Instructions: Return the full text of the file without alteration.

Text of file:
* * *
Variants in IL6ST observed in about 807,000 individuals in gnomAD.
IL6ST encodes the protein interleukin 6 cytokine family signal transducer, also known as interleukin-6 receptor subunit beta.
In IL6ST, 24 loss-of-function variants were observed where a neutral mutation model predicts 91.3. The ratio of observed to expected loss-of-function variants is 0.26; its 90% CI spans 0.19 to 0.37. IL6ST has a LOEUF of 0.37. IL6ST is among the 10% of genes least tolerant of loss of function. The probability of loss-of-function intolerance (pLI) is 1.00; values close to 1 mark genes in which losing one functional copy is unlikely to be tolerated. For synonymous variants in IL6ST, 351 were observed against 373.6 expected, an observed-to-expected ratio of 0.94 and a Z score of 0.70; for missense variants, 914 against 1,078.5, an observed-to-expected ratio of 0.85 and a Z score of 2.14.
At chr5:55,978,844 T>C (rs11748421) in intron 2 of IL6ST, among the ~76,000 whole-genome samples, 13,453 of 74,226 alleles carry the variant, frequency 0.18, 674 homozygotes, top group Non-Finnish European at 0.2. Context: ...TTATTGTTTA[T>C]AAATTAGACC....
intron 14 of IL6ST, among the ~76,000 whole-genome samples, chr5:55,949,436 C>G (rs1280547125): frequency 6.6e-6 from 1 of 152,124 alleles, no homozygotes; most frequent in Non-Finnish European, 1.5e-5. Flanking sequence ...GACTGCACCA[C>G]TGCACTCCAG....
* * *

Variants in IL6ST observed in about 807,000 individuals in gnomAD.
IL6ST encodes the protein interleukin 6 cytokine family signal transducer, also known as interleukin-6 receptor subunit beta.
In IL6ST, 24 loss-of-function variants were observed where a neutral mutation model predicts 91.3. The ratio of observed to expected loss-of-function variants is 0.26; its 90% CI spans 0.19 to 0.37. IL6ST has a LOEUF of 0.37. IL6ST is among the 10% of genes least tolerant of loss of function. The probability of loss-of-function intolerance (pLI) is 1.00; values close to 1 mark genes in which losing one functional copy is unlikely to be tolerated. For synonymous variants in IL6ST, 351 were observed against 373.6 expected, an observed-to-expected ratio of 0.94 and a Z score of 0.70; for missense variants, 914 against 1,078.5, an observed-to-expected ratio of 0.85 and a Z score of 2.14.
At chr5:55,978,844 T>C (rs11748421) in intron 2 of IL6ST, among the ~76,000 whole-genome samples, 13,453 of 74,226 alleles carry the variant, frequency 0.18, 674 homozygotes, top group Non-Finnish European at 0.2. Context: ...TTATTGTTTA[T>C]AAATTAGACC....
intron 14 of IL6ST, among the ~76,000 whole-genome samples, chr5:55,949,436 C>G (rs1280547125): frequency 6.6e-6 from 1 of 152,124 alleles, no homozygotes; most frequent in Non-Finnish European, 1.5e-5. Flanking sequence ...GACTGCACCA[C>G]TGCACTCCAG....